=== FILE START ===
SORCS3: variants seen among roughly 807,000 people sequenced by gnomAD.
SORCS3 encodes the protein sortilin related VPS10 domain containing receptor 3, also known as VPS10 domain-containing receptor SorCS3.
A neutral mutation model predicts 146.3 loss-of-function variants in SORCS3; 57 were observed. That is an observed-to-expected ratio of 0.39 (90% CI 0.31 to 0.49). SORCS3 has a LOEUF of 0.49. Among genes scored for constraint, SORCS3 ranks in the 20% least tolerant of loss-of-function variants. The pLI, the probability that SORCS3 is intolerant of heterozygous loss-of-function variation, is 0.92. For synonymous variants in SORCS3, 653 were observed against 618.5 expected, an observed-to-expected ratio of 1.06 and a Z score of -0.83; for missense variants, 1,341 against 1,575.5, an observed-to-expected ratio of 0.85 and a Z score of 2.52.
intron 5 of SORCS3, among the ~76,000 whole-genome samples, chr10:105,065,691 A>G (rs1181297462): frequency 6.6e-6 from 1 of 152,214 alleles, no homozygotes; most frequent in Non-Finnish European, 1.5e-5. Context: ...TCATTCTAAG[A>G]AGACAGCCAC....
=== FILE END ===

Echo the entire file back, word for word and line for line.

SORCS3: variants seen among roughly 807,000 people sequenced by gnomAD.
SORCS3 encodes the protein sortilin related VPS10 domain containing receptor 3, also known as VPS10 domain-containing receptor SorCS3.
A neutral mutation model predicts 146.3 loss-of-function variants in SORCS3; 57 were observed. That is an observed-to-expected ratio of 0.39 (90% CI 0.31 to 0.49). SORCS3 has a LOEUF of 0.49. Among genes scored for constraint, SORCS3 ranks in the 20% least tolerant of loss-of-function variants. The pLI, the probability that SORCS3 is intolerant of heterozygous loss-of-function variation, is 0.92. For synonymous variants in SORCS3, 653 were observed against 618.5 expected, an observed-to-expected ratio of 1.06 and a Z score of -0.83; for missense variants, 1,341 against 1,575.5, an observed-to-expected ratio of 0.85 and a Z score of 2.52.
intron 5 of SORCS3, among the ~76,000 whole-genome samples, chr10:105,065,691 A>G (rs1181297462): frequency 6.6e-6 from 1 of 152,214 alleles, no homozygotes; most frequent in Non-Finnish European, 1.5e-5. Context: ...TCATTCTAAG[A>G]AGACAGCCAC....